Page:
Wally makes sense.
Home systems that communicate needed information in a low energy consumption sound a bit like the Holy Grail for the connected home. If the Wally sensor does what it claims, it might be the sip from the Grail the IoT is needing to finally breakthrough in this long promised industry.
Wally’s purpose is to monitor moisture, temperature and humidty levels in critical spaces in your home so you aren’t caught by surprise with mold or mildew, or having a burst pipe destroy precious space. While the name sounds like it was stolen straight off a Pixar film, the device itself looks less like a trash robot and more like a baby monitor. With simple, clean lines and minimal buttons, it is likely this bot got EVE’s design genetics.
What is intriguing is how Wally accumulates data. The claim is that the sensors transmitting data can last up to 10 years on one battery. This is accomplished through low energy transmissions that utilize the hardwires in the walls to carry communications.
Based on the white paper, “SNUPI: Sensor Nodes Utilizing Powerline Infrastructure,” drafted by Wally’s creators, they have found a way to send data without much effort at all using Power line communication technology. Imagine wireless communications as something akin to you have to throw a ball across a field into a net — the energy it takes to do so comes with a large burst to make sure it can cover the distance. But what accomplishing the same task was just a matter of dropping the ball into a river nearby that passed through the net? The energy consumed is minimal, letting the river do all the work.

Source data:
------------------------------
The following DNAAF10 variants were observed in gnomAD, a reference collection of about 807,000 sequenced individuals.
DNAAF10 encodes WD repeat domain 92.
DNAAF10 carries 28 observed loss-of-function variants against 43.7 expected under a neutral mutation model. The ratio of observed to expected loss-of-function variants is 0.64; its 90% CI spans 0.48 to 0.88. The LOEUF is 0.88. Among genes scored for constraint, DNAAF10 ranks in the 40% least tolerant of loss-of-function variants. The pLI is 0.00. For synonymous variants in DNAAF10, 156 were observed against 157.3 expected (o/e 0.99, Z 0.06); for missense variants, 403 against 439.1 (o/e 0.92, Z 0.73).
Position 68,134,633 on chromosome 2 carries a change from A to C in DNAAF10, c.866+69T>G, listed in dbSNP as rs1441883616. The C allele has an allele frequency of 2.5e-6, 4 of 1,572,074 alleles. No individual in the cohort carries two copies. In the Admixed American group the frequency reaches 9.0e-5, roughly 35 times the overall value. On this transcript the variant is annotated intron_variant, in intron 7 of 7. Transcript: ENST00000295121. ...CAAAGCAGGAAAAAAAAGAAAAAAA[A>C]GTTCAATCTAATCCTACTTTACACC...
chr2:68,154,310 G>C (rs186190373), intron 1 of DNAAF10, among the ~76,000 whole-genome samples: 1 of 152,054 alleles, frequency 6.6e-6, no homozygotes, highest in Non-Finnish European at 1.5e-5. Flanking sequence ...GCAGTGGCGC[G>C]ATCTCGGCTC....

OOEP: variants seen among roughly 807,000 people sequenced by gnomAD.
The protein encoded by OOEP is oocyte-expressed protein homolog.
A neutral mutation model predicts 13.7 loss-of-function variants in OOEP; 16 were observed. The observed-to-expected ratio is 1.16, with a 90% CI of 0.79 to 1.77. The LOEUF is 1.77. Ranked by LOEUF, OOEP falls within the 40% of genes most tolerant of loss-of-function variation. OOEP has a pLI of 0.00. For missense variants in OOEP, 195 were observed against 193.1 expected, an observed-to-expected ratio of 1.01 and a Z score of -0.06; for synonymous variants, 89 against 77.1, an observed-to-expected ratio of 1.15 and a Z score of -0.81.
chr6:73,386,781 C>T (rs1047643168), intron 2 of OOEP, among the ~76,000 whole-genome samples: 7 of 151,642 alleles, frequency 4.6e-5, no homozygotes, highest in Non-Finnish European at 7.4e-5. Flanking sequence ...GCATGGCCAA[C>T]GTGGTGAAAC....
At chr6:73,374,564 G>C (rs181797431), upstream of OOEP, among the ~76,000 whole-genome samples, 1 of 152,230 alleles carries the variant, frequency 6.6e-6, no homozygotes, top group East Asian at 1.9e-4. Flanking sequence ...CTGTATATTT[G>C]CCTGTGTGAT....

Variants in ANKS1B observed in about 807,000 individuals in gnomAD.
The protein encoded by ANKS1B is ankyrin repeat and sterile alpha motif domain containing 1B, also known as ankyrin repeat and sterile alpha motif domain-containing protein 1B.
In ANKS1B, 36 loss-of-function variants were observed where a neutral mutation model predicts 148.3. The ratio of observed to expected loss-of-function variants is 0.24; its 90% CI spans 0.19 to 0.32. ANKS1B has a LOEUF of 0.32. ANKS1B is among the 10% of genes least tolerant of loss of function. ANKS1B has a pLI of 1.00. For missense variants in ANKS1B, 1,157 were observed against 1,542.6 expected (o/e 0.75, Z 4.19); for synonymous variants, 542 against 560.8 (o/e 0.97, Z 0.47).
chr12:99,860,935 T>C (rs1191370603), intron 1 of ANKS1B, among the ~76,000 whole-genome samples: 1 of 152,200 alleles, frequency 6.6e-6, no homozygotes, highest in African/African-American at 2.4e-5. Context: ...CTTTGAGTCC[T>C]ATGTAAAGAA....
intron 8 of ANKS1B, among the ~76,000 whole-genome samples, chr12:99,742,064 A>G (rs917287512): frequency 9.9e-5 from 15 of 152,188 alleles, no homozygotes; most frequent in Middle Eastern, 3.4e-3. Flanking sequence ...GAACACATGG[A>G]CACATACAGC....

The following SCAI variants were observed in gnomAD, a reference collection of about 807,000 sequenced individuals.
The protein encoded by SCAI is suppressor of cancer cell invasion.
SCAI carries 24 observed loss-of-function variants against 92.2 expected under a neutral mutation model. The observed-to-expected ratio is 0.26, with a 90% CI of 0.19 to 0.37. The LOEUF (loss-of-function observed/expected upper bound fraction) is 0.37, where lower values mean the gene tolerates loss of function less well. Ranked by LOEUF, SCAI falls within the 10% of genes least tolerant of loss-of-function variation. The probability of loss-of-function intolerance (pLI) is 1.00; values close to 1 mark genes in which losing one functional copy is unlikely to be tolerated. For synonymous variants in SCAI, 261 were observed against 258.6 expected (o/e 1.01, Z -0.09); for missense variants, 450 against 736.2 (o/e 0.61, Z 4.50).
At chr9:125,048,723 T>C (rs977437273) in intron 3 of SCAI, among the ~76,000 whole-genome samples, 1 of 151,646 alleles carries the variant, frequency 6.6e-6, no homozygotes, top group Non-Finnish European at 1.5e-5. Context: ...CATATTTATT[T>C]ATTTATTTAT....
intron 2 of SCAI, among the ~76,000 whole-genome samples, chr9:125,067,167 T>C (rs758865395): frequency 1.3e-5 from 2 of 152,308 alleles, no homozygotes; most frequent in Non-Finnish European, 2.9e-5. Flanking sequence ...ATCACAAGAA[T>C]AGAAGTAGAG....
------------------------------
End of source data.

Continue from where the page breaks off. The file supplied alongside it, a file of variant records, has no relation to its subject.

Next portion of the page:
Wally has potential to be a great tool in ensuring home safety and if it takes off, I could see insurance companies giving discounts for the use of such home systems. You can reserve a WallyHome system now, but it won’t be in your hands until Spring 2014. Just in time for those April showers and thaws that could bring flooding or burst pipes.
Related: Home Sensor Systems Roundup